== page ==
Great Allegheny Passage Economic Impact Analysis
The GAP Conservancy
The GAP Conservancy, formerly known as the Allegheny Trail Alliance, was founded in 1995 to promote and coordinate the development and use of the Great Allegheny Passage (GAP), a 150-mile multiuse trail that connects Pittsburgh to Cumberland, MD.
The Great Allegheny Passage is one the country’s most popular and celebrated long-distance biking and hiking paths, winding 150 miles from Cumberland, Maryland, through tunnels in the Allegheny Mountains, across the pristine Laurel Highlands, deep into the gorges of Ohiopyle State Park, into the region’s historic Steel Valley, to Pittsburgh’s festive Point State Park. Constructed between 1978 and 2013, and maintained by municipalities and local volunteers, the Great Allegheny Passage receives over a million visits annually, with tourists from all 50 states and over 35 countries.
We helped the GAP Conservancy to analyze the economic impacts that tourism on the trail has on the five-county region which it passes. We utilized surveys of trail users and business owners to understand spending patterns.
Fourth Economy created an economic impact model based on surveys and interviews with business owners, municipal officials, and local residents to estimate that the GAP provided $121 million in annual economic impact in 2019, a number that will likely grow in the future and which exceeds the total cost of physical investment that was required to create the trail in the first place. That is a phenomenal return on investment. Through that impact, we estimate that the GAP provides nearly 1,400 jobs in the region. Public economic data reinforces this story: despite sharp declines in population, the area immediately surrounding the GAP saw far higher rates of growth in specific industries associated with recreational tourism (e.g., Food and Accommodations) than did the region at large. We also find that the GAP is associated with increased property values, an influx of local tax revenue, and other spending on goods and services related to trail use, like sales and rentals of cycling and outdoor recreational equipment. However, the trail community faces challenges. Businesses in the area were hit especially hard during the Covid-19 crisis, despite significant increases in trail use during 2020.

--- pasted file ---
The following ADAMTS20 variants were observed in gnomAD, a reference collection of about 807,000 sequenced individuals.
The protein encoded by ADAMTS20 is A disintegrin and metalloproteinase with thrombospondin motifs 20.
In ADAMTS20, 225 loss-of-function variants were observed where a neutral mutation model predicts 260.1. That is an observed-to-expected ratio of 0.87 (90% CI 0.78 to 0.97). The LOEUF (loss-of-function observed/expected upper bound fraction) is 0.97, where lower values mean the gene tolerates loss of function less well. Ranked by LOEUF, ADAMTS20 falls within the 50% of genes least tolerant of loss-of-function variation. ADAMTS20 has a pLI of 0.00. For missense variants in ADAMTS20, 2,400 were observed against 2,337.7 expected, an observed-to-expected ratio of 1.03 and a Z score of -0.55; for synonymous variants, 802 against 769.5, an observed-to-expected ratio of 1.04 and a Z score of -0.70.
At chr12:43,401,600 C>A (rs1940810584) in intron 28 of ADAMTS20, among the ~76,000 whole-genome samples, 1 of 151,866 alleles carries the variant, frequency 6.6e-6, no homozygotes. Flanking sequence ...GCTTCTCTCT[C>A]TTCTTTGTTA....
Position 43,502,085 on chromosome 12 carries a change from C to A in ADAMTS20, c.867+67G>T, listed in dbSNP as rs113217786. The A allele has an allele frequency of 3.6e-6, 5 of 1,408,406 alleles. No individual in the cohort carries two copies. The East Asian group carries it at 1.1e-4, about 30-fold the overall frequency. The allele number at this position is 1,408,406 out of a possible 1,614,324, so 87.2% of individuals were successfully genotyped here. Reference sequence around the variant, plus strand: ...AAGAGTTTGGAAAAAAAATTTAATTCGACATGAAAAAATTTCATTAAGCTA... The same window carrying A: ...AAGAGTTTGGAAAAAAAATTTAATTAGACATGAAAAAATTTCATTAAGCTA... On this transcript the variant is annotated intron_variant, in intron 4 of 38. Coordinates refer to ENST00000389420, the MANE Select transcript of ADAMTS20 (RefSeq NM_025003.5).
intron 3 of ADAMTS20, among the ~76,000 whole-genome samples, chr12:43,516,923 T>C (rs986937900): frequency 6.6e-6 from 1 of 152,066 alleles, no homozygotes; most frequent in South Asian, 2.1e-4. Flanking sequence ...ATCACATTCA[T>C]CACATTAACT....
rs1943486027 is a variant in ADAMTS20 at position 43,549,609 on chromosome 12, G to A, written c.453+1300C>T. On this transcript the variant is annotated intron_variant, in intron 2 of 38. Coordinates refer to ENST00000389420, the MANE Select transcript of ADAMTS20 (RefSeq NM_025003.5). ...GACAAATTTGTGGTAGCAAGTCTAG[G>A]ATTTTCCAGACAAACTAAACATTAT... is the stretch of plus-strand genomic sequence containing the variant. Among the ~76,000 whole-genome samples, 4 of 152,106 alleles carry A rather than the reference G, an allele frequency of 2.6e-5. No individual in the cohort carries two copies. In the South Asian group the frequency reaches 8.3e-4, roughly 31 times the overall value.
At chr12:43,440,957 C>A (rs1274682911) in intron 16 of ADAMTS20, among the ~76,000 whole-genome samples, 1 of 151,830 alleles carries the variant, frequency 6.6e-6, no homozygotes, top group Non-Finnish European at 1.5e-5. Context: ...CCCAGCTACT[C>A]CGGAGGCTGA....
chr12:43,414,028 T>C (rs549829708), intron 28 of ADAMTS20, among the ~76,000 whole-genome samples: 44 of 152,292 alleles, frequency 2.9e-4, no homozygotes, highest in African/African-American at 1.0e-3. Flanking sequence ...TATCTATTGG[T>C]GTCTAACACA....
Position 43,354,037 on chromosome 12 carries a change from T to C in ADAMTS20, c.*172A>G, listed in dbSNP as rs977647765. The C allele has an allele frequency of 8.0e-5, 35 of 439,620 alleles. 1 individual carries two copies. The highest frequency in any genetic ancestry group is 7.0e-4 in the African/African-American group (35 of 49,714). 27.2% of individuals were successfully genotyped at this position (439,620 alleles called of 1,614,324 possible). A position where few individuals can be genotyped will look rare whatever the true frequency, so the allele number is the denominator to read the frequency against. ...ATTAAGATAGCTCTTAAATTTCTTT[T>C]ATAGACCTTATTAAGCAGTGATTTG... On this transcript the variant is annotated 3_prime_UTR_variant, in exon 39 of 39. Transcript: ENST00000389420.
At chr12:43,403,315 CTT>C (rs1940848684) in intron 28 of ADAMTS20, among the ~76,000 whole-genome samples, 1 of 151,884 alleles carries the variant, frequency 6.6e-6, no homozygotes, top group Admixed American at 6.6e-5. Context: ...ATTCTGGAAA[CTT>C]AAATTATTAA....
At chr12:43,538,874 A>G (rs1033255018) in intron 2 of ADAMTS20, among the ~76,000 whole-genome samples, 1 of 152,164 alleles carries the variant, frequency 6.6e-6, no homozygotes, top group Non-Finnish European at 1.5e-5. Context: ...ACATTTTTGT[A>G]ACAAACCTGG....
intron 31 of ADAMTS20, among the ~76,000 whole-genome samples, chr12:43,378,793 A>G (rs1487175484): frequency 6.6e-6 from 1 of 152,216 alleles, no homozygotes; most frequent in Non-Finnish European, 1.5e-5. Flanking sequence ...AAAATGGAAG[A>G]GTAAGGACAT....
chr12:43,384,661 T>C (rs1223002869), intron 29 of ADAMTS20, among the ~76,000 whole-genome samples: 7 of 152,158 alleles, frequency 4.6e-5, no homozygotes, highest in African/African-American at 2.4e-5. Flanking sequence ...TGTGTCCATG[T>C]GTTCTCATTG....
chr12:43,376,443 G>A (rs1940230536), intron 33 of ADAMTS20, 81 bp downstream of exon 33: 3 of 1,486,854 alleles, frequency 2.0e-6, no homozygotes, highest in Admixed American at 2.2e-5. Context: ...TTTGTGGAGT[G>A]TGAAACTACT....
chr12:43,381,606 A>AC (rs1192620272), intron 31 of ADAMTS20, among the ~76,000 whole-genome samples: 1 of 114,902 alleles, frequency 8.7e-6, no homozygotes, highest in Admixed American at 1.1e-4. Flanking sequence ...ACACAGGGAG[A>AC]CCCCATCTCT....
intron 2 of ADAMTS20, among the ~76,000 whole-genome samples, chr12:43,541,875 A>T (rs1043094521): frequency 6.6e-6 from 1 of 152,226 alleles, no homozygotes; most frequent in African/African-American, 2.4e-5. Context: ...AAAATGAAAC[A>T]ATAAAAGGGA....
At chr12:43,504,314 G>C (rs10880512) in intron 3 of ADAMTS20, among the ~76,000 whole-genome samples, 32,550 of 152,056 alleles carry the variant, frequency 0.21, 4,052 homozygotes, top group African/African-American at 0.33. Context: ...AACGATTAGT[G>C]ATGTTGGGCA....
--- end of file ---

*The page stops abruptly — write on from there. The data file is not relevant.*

Pittsburgh, PA to Cumberland, MD